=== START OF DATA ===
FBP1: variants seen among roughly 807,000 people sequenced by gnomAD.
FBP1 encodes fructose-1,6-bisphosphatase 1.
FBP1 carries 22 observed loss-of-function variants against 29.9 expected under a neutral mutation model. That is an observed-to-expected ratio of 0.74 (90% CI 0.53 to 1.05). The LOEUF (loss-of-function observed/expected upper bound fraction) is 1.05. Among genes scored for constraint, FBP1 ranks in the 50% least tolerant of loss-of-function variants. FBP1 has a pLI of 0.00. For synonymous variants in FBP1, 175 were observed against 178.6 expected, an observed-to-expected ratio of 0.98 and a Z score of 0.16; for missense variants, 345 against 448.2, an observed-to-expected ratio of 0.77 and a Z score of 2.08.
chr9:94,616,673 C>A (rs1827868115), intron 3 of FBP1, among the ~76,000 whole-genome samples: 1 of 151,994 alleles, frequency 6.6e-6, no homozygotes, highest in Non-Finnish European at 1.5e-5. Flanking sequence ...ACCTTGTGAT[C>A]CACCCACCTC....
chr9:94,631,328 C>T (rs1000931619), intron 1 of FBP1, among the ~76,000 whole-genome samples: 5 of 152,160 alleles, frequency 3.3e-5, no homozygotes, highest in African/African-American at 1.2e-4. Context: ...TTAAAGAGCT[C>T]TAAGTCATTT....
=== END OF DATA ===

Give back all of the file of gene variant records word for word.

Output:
FBP1: variants seen among roughly 807,000 people sequenced by gnomAD.
FBP1 encodes fructose-1,6-bisphosphatase 1.
FBP1 carries 22 observed loss-of-function variants against 29.9 expected under a neutral mutation model. That is an observed-to-expected ratio of 0.74 (90% CI 0.53 to 1.05). The LOEUF (loss-of-function observed/expected upper bound fraction) is 1.05. Among genes scored for constraint, FBP1 ranks in the 50% least tolerant of loss-of-function variants. FBP1 has a pLI of 0.00. For synonymous variants in FBP1, 175 were observed against 178.6 expected, an observed-to-expected ratio of 0.98 and a Z score of 0.16; for missense variants, 345 against 448.2, an observed-to-expected ratio of 0.77 and a Z score of 2.08.
chr9:94,616,673 C>A (rs1827868115), intron 3 of FBP1, among the ~76,000 whole-genome samples: 1 of 151,994 alleles, frequency 6.6e-6, no homozygotes, highest in Non-Finnish European at 1.5e-5. Flanking sequence ...ACCTTGTGAT[C>A]CACCCACCTC....
chr9:94,631,328 C>T (rs1000931619), intron 1 of FBP1, among the ~76,000 whole-genome samples: 5 of 152,160 alleles, frequency 3.3e-5, no homozygotes, highest in African/African-American at 1.2e-4. Context: ...TTAAAGAGCT[C>T]TAAGTCATTT....